During this extraordinary COVID Pandemic you have created a schedule for your family. It includes outdoor time, but what can you actually do? Nature exploration!
Even though we have a Stay-At-Home order, with social distance we can still enjoy nature. Governor Inslee said: “If you feel like going for a walk, gardening, going for a bike ride, we consider these things to be essential activities too for everyone’s physical and mental health. We all just have to practice social distancing of at least 6 feet to protect ourselves and others everywhere all the time.”
Time outdoors is essential for overall health.
Children who play and learn in nature can be healthier. Children play harder outdoors than indoors. Children who spend more time outdoors have improved motor development. More outdoor time is correlated with less obesity. Children with more nature time have much less near sightedness.
Children who play and learn in nature can be more engaged in learning. There is increased curiosity, creativity, and critical thinking. Children who spent more time in nature exploration had improved learning outcomes.
Children who play and learn in nature can be better behaved. When children spent time in natural settings there had less anger and aggression. Impulse control also improves.
Children who play and learn in nature are mentally healthier. Stress and depression are reduced for all people who spend time in nature. Children show increased focus and reduced risk for Attention Deficit Hyperactivity Disorder.
Nature exploration with social distancing can happen in your yard, a park, a median strip, a table-top garden, or even virtually (though not with all of the benefits). Click here to read a great post from the National Recreation and Park Association about social distancing in public parks and trails.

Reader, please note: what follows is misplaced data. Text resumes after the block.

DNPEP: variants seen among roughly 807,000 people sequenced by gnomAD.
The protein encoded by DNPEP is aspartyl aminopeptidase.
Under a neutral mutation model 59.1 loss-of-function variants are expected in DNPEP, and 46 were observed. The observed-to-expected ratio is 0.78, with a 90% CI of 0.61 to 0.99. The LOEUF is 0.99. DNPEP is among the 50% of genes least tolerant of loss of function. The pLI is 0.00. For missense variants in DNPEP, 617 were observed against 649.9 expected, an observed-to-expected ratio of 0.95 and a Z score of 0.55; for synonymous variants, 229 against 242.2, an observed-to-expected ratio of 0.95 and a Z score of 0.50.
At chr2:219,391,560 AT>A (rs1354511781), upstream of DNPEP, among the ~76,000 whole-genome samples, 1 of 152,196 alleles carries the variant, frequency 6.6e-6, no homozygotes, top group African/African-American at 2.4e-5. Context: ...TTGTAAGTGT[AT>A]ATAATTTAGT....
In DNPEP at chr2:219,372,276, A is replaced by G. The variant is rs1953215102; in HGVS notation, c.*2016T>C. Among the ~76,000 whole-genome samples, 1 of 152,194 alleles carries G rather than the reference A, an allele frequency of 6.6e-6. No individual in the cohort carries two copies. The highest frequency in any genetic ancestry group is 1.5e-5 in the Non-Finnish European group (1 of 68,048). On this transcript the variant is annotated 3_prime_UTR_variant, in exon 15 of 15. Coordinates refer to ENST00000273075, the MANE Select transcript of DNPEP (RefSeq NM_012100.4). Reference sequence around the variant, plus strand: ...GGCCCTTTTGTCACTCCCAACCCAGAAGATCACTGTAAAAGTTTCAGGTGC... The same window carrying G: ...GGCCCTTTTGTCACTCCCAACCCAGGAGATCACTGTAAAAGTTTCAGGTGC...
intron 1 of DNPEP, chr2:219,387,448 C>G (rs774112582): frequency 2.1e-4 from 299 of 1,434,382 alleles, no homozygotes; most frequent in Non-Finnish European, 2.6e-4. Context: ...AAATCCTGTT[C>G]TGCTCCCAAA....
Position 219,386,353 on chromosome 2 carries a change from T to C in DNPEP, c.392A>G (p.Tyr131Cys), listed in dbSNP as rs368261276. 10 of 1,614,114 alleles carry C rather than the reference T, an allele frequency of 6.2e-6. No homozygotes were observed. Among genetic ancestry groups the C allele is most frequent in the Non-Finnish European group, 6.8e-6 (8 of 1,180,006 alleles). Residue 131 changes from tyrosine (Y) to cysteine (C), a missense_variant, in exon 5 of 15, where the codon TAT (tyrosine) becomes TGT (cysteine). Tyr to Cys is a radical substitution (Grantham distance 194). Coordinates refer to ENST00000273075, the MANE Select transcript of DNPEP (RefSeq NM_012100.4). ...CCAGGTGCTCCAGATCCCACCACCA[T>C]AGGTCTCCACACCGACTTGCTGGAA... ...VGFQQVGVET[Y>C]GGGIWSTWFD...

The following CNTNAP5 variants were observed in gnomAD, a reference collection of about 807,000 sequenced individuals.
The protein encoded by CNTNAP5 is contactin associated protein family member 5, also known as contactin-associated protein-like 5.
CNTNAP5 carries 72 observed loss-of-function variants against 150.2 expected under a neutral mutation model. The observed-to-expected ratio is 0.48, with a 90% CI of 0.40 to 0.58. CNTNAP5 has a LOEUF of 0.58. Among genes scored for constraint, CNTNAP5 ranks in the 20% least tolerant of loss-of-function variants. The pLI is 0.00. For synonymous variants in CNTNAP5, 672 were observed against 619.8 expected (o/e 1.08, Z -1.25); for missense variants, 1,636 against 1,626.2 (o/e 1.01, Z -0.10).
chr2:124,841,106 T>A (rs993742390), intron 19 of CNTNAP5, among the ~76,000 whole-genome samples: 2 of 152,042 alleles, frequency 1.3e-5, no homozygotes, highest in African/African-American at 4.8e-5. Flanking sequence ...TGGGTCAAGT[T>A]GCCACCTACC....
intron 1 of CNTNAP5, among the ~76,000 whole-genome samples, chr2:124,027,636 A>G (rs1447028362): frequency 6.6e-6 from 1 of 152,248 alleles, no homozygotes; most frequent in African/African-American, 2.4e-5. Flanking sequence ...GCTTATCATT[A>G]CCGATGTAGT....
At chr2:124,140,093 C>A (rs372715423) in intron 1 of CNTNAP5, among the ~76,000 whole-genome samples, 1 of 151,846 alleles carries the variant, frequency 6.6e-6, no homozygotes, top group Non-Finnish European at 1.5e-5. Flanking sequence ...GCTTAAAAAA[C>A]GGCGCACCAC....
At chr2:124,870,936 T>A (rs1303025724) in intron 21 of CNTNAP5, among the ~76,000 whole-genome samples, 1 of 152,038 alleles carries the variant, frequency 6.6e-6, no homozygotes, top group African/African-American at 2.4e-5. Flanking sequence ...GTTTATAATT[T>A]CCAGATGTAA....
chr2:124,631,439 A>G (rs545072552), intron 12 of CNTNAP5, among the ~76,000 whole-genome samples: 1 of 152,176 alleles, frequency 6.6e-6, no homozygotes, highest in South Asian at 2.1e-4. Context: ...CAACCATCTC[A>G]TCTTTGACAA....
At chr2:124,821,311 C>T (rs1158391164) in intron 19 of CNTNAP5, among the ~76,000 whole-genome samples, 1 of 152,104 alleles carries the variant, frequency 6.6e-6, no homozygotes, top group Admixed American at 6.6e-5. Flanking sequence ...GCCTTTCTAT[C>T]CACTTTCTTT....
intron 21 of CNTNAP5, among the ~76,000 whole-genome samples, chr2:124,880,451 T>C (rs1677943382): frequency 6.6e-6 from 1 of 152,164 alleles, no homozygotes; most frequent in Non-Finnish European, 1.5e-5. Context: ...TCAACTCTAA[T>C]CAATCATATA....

Some ideas for nature exploration at your doorstep:
- Infants and toddlers can play and learn in nature:
- Belly hikes are a great way for babies around the age of 12 months old to play outside. Place your child on their belly in a safe area outdoors and encourage them to look, listen, smell, touch, and move. Take your time and help your child explore grasses, leaves, dirt, and more.
- Nature sculptures can be built with twigs, leaves, cones, rocks and more by sticking the collected items into a play dough base. Help your child put objects in the play dough and notice what kind of patterns are created by different items.
- Weather is not a barrier:
- Playing in mud is very fun for young children and helps them develop their senses and motor skills. You can give your child old pots, pans, utensils, and other household tools to move, pour, and squish the mud for imaginary play.
- Kites are a great way to play outside especially on windy days. Children love the challenge of keeping the kite in the air. Kite play supports motor development and hand-eye coordination. Find an open space on a breezy day and help your child get their kite flying!
- Challenge older children:
- Create a Nature Journal– use it to describe what they see from a comfortable spot outside. Encourage them to write how that makes them feel.
- Hold a family Nature Scavenger Hunt—include categories like plants, trees, animals, birds. Who can create the longest list of the signs of spring that they find? How many different flowers can you photograph?
- Make fairy houses or read the book “Roxaboxen” and have your child create their own Roxaboxen.
See www.projectnaturewa.com for more ideas and to find a park near you. Stay safe and inspired in nature. Remember to keep 6 feet or more from others outside your family. Take advantage of the healing power of nature.